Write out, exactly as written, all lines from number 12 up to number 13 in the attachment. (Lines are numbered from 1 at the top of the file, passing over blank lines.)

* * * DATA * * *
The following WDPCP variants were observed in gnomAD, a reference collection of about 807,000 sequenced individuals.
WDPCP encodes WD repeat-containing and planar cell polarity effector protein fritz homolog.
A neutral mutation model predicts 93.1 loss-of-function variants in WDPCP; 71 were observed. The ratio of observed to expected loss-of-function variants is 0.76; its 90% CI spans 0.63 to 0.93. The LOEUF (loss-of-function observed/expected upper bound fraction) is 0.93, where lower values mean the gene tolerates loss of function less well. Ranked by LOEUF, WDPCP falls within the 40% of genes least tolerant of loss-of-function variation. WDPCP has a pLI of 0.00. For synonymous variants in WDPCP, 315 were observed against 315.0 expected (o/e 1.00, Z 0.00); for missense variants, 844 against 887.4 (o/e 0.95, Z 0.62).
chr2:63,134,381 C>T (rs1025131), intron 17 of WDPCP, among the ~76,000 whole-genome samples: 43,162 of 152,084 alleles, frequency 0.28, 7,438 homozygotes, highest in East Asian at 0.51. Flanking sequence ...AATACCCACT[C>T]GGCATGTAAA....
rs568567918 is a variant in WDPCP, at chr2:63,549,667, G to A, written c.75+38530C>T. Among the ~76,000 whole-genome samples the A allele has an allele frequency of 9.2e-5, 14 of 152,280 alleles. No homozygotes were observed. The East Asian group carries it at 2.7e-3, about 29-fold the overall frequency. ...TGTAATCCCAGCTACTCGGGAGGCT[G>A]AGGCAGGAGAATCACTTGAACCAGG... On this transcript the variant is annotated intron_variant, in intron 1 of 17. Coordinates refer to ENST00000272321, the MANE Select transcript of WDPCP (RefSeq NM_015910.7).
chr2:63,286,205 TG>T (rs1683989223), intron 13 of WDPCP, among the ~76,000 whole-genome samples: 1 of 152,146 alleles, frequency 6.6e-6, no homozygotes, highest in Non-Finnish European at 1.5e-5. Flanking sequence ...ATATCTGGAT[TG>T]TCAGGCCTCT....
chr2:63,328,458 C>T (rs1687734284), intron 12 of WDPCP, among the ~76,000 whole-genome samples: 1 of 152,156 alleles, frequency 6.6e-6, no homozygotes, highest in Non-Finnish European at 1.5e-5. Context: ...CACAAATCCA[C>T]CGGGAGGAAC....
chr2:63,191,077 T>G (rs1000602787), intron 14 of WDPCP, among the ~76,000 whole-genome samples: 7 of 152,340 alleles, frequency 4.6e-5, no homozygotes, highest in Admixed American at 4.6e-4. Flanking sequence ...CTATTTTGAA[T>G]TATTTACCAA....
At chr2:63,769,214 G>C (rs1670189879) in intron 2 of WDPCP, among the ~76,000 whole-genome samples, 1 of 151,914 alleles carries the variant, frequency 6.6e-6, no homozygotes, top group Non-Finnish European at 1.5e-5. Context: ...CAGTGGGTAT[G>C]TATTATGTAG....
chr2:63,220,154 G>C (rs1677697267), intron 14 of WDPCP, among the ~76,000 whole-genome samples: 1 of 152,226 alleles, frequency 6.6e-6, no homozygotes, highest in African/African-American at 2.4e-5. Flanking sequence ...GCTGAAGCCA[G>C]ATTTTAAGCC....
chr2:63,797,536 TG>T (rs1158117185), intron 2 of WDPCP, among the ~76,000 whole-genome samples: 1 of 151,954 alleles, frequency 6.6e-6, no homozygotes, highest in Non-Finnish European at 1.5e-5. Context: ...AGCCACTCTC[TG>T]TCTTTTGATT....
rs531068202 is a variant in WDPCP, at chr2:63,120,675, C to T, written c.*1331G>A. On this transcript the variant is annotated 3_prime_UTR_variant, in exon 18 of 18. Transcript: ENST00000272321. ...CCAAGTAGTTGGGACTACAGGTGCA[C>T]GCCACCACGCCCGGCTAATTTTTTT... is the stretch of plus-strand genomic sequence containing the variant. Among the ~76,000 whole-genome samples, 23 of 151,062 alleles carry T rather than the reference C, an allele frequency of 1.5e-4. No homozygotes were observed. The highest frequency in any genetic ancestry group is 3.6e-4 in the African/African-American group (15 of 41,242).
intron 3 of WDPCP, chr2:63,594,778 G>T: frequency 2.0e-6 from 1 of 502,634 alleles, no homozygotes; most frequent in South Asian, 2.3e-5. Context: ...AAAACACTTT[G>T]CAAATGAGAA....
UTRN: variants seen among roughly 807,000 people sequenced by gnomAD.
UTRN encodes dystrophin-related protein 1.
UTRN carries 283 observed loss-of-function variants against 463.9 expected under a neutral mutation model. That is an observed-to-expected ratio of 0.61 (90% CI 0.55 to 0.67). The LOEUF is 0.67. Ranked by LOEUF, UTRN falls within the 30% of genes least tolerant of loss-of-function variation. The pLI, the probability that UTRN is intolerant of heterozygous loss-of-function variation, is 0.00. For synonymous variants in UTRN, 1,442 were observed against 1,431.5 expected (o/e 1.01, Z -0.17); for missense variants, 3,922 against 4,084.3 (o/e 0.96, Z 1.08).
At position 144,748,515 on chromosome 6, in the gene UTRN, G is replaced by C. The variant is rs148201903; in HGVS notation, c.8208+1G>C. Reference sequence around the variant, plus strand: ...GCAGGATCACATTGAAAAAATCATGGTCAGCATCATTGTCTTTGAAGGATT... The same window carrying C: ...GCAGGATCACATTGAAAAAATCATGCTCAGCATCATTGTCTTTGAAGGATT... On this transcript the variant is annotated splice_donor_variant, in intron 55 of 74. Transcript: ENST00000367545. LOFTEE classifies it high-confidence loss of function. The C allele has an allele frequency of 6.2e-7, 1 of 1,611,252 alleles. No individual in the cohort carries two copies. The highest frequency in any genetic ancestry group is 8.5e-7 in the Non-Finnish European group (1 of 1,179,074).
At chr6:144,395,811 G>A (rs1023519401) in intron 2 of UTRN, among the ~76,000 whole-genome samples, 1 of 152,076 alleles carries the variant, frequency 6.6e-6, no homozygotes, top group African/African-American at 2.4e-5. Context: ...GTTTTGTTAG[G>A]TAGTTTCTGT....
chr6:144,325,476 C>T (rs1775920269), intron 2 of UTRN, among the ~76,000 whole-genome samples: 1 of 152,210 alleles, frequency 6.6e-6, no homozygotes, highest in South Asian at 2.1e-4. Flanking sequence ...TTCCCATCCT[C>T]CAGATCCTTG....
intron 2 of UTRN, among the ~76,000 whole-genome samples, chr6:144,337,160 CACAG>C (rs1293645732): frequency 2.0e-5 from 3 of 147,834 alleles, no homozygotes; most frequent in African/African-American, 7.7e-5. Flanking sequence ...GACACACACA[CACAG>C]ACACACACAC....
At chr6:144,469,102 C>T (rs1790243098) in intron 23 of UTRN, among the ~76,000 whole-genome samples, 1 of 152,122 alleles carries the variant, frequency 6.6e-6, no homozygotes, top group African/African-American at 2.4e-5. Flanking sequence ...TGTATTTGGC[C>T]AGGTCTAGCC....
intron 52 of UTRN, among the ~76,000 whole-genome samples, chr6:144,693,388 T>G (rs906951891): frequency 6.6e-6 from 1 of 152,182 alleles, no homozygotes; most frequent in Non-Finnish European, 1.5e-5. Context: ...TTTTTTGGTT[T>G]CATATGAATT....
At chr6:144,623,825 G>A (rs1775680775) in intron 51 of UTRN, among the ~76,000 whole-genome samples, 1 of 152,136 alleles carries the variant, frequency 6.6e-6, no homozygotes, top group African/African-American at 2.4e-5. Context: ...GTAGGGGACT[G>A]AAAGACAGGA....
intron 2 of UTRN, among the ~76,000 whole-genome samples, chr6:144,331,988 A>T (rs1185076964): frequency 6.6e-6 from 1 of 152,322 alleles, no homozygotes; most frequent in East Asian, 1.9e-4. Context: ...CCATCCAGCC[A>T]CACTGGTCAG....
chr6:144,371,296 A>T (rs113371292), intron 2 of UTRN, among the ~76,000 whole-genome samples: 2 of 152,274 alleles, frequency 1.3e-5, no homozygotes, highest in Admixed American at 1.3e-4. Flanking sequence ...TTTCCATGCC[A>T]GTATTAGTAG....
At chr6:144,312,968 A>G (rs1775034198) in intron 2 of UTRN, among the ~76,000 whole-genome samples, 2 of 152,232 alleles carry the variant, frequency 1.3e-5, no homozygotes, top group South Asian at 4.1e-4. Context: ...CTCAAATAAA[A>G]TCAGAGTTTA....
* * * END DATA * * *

rs531068202 is a variant in WDPCP, at chr2:63,120,675, C to T, written c.*1331G>A. On this transcript the variant is annotated 3_prime_UTR_variant, in exon 18 of 18. Transcript: ENST00000272321. ...CCAAGTAGTTGGGACTACAGGTGCA[C>T]GCCACCACGCCCGGCTAATTTTTTT... is the stretch of plus-strand genomic sequence containing the variant. Among the ~76,000 whole-genome samples, 23 of 151,062 alleles carry T rather than the reference C, an allele frequency of 1.5e-4. No homozygotes were observed. The highest frequency in any genetic ancestry group is 3.6e-4 in the African/African-American group (15 of 41,242).
intron 3 of WDPCP, chr2:63,594,778 G>T: frequency 2.0e-6 from 1 of 502,634 alleles, no homozygotes; most frequent in South Asian, 2.3e-5. Context: ...AAAACACTTT[G>T]CAAATGAGAA....